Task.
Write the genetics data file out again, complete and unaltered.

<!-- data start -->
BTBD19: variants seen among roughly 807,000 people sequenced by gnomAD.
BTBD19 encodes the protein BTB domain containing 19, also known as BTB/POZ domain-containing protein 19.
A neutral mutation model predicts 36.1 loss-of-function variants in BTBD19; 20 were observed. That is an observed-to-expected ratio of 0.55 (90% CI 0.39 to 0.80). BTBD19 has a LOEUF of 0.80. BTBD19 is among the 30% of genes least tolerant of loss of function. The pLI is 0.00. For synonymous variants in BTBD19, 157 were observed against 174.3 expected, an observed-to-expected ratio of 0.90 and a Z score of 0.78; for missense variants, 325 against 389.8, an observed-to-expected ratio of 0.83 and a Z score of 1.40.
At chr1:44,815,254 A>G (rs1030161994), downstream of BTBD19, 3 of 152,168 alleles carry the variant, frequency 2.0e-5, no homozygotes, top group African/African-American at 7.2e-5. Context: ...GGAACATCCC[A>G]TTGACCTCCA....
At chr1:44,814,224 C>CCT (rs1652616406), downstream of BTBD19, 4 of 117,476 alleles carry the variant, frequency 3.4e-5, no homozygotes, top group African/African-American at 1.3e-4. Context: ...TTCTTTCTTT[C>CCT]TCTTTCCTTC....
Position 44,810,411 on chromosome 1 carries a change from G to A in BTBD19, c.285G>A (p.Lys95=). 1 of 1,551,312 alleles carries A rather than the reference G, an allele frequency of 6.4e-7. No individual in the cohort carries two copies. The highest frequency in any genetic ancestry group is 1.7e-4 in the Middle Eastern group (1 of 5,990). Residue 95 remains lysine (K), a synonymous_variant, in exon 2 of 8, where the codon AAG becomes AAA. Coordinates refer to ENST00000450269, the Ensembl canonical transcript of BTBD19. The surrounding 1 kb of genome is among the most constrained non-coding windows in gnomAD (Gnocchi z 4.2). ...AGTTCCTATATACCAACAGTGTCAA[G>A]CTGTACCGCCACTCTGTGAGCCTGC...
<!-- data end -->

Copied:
BTBD19: variants seen among roughly 807,000 people sequenced by gnomAD.
BTBD19 encodes the protein BTB domain containing 19, also known as BTB/POZ domain-containing protein 19.
A neutral mutation model predicts 36.1 loss-of-function variants in BTBD19; 20 were observed. That is an observed-to-expected ratio of 0.55 (90% CI 0.39 to 0.80). BTBD19 has a LOEUF of 0.80. BTBD19 is among the 30% of genes least tolerant of loss of function. The pLI is 0.00. For synonymous variants in BTBD19, 157 were observed against 174.3 expected, an observed-to-expected ratio of 0.90 and a Z score of 0.78; for missense variants, 325 against 389.8, an observed-to-expected ratio of 0.83 and a Z score of 1.40.
At chr1:44,815,254 A>G (rs1030161994), downstream of BTBD19, 3 of 152,168 alleles carry the variant, frequency 2.0e-5, no homozygotes, top group African/African-American at 7.2e-5. Context: ...GGAACATCCC[A>G]TTGACCTCCA....
At chr1:44,814,224 C>CCT (rs1652616406), downstream of BTBD19, 4 of 117,476 alleles carry the variant, frequency 3.4e-5, no homozygotes, top group African/African-American at 1.3e-4. Context: ...TTCTTTCTTT[C>CCT]TCTTTCCTTC....
Position 44,810,411 on chromosome 1 carries a change from G to A in BTBD19, c.285G>A (p.Lys95=). 1 of 1,551,312 alleles carries A rather than the reference G, an allele frequency of 6.4e-7. No individual in the cohort carries two copies. The highest frequency in any genetic ancestry group is 1.7e-4 in the Middle Eastern group (1 of 5,990). Residue 95 remains lysine (K), a synonymous_variant, in exon 2 of 8, where the codon AAG becomes AAA. Coordinates refer to ENST00000450269, the Ensembl canonical transcript of BTBD19. The surrounding 1 kb of genome is among the most constrained non-coding windows in gnomAD (Gnocchi z 4.2). ...AGTTCCTATATACCAACAGTGTCAA[G>A]CTGTACCGCCACTCTGTGAGCCTGC...